‘We’re working hard to ensure our donors know they are funding projects with a core objective so that they feel connected to the results,’ said Francis.

Studio A is a Sydney-based organisation that supports 15 artists and employs nine full-and part-time staff; they have no fundraising specialist on staff, but have achieved results.

CEO Gabrielle Mordy told ArtsHub: ‘For an artist or arts company to operate, sustainably generating income is as important as making great art – in fact it can be the pathway to making great art. But like me, many arts practitioners lack formal training in business.’

‘[The] Create NSW toolkit is a rare resource helping to fill this knowledge gap, the toolkit speaks in plain English to outline practical and tested ways of generating essential revenue from diverse channels.’

Mordy explained how a rebrand in 2015 bolstered their fundraising efforts. ‘We embarked on a rebrand that would counter perceptions about disability and the arts. The strength of our brand certainly helps in our fundraising efforts. Recently I met a major arts organisation and was told we got the agreement over the line because they love the way we present ourselves.’

She added: ‘I consistently get this kind of feedback – particularly from newly introduced people saying how much they love our brand and website.’

Mordy continued: ‘Having board members who will approach their own networks and are willing to advocate for us has been critical. If you have a board member who isn’t willing to do this, understand why not and how you can help them.’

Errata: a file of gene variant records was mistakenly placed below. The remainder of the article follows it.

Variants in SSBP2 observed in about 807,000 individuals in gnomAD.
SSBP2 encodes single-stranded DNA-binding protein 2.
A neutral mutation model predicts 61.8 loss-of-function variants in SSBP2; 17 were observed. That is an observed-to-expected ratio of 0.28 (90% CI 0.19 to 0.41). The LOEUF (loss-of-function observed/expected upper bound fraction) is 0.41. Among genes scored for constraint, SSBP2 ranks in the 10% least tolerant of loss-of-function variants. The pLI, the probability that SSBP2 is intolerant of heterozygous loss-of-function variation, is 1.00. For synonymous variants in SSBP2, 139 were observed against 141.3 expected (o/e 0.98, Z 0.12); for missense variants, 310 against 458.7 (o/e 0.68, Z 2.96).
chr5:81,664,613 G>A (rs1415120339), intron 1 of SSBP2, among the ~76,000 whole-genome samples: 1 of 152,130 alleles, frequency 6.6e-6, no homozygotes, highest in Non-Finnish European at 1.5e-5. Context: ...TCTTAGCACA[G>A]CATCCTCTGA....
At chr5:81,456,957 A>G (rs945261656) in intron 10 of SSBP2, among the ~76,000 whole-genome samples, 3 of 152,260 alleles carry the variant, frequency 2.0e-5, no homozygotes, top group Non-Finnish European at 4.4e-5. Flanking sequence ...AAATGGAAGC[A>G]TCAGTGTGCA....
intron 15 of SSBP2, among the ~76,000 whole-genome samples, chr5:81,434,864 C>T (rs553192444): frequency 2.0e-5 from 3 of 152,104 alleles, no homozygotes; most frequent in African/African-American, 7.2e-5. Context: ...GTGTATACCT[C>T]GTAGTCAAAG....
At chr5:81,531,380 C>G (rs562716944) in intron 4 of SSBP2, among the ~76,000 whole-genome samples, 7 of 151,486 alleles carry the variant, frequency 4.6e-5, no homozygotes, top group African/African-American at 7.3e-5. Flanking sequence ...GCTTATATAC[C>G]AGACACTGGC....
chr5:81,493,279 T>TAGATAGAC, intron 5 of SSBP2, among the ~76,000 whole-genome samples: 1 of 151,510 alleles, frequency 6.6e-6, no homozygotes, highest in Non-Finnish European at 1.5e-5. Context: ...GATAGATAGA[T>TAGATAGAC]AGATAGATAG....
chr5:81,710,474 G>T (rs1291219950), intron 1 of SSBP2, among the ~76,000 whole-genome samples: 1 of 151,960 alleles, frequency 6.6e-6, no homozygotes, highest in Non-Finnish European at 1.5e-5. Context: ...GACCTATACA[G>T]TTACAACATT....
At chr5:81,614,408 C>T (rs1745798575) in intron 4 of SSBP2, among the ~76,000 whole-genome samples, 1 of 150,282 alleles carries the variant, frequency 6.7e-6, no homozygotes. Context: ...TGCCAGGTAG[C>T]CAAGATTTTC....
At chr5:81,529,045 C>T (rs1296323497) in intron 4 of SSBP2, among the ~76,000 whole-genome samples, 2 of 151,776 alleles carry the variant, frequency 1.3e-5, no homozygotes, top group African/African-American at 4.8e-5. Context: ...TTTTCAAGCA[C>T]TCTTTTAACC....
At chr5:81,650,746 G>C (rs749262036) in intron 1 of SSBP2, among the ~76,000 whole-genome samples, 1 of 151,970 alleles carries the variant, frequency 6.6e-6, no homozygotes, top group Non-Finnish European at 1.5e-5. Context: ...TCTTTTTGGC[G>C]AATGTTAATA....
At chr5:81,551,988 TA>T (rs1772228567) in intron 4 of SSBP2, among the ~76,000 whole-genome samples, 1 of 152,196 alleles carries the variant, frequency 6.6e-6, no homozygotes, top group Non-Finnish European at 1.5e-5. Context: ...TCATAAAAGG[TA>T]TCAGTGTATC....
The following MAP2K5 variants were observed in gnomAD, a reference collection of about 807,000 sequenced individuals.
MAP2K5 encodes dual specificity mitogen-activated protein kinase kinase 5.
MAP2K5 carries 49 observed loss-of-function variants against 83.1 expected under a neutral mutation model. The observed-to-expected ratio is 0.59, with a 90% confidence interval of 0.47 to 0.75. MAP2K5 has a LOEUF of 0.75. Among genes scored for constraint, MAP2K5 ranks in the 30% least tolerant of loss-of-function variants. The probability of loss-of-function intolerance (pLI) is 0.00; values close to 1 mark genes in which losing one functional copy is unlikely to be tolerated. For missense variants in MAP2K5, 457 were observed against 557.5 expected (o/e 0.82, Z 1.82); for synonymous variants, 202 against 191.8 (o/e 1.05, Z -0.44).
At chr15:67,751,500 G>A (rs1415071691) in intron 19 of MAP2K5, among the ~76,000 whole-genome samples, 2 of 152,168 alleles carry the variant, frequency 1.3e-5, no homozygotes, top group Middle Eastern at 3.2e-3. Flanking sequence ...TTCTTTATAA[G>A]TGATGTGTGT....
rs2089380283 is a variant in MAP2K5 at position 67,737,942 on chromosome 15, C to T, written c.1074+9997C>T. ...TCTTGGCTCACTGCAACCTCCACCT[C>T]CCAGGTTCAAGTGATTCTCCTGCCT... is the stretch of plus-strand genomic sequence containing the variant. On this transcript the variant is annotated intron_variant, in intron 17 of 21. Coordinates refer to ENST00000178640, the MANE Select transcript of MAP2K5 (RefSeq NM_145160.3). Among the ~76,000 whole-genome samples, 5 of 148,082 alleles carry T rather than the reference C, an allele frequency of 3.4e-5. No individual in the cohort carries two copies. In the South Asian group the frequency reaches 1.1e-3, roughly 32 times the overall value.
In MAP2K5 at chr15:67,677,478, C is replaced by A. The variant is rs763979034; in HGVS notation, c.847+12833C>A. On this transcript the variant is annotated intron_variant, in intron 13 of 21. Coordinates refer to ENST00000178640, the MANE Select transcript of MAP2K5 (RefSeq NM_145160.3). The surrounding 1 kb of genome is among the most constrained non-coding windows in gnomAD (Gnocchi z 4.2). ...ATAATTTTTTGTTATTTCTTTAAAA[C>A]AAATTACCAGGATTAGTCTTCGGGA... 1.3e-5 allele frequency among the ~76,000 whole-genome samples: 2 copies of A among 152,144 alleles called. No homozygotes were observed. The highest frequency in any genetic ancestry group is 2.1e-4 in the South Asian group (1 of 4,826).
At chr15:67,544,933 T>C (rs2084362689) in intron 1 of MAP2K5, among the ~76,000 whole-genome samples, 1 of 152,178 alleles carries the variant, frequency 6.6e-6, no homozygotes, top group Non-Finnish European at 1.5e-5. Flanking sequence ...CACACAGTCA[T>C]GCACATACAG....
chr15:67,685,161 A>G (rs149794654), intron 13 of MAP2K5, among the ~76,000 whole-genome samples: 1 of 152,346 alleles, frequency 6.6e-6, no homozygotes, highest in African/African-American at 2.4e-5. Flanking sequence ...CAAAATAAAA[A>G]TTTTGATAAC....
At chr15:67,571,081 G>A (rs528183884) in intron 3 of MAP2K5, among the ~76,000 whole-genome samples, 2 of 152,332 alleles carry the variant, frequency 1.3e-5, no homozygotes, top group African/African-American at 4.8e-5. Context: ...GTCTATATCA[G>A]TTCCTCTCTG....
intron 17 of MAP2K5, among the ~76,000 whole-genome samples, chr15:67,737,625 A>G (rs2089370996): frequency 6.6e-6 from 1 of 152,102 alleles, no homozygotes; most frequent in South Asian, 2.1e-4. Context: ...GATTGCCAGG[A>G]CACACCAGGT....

‘The case studies are drawn from real NSW success stories,” said Hinchliffe. “They are a source of inspiration and encouragement, and all the organisations selected have very small numbers of staff, so they show that this really can be done.’

‘Create NSW is determined to do what it can to support the sector to be sustainable,” she added. “It’s a living document and it is absolutely about being easy to use.’

Download the Toolkit today so it is a quick-grab reference resource to call on.

Gina Fairley is ArtsHub's National Visual Arts Editor. For a decade she worked as a freelance writer and curator across Southeast Asia and was previously the Regional Contributing Editor for Hong Kong based magazines Asian Art News and World Sculpture News. Prior to writing she worked as an arts manager in America and Australia for 14 years, including the regional gallery, biennale and commercial sectors. She is based in Mittagong, regional NSW. Twitter: @ginafairley Instagram: fairleygina